Social Marketing: Theoretical and Practical Perspectives

By Marvin E. Goldberg; Martin Fishbein et al. | Go to book overview

Chapter 20
Effective Health Promotion
Among Communities of Color:
The Potential of Social Marketing

June A. Flora
Caroline Schooler
Stanford University School of Medicine

Rosalind M. Pierson
The California Wellness Foundation


ABSTRACT

There is a general assumption on the part of many health communication planners that culture matters. This chapter identifies and articulates how social marketing principles can effectively guide the development, implementation, and evaluation of culturally appropriate and relevant health promotion programs. The emphasis on audience in social marketing provides a conceptual framework for incorporating culture in health promotion programs. It discusses how to incorporate issues of cultural appropriateness and relevance to three essential social marketing principles: audience orientation, tailoring, and exchange theory. Identifying and understanding how racial and ethnic cultures differ and how this variance affects the health behavior change process can lead to more effective health promotion campaigns.1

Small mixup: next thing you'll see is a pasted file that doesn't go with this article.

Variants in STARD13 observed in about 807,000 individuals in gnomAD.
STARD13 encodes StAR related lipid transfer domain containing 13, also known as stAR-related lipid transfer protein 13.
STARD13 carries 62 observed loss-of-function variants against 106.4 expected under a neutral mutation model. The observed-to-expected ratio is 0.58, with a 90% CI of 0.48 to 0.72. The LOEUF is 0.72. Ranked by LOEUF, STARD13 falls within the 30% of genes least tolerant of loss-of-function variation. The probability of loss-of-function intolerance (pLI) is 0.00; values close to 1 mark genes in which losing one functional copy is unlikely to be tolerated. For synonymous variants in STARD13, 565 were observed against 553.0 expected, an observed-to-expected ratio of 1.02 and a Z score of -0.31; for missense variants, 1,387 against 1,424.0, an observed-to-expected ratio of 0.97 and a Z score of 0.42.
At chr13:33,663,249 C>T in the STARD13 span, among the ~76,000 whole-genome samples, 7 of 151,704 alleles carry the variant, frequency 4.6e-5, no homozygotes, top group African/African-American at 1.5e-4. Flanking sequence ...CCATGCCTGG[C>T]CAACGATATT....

The health status of African Americans, Latino Americans, Asian Americans, and other people of color in this country remains unconscionably low when contrasted with that of many Anglo Americans. This disparity is not new, reflecting a historical trend that is evident across the leading causes of death and disease ( Braithwaite & Lythcott, 1989). The dispro-

____________________
1
Various terms are used to refer to members of underrepresented ethnic and racial groups. The term people of color is used to describe persons who do not belong to the Anglo majority. A variety of words are used to denote persons who belong to diverse cultural, ethnic, and racial groups.

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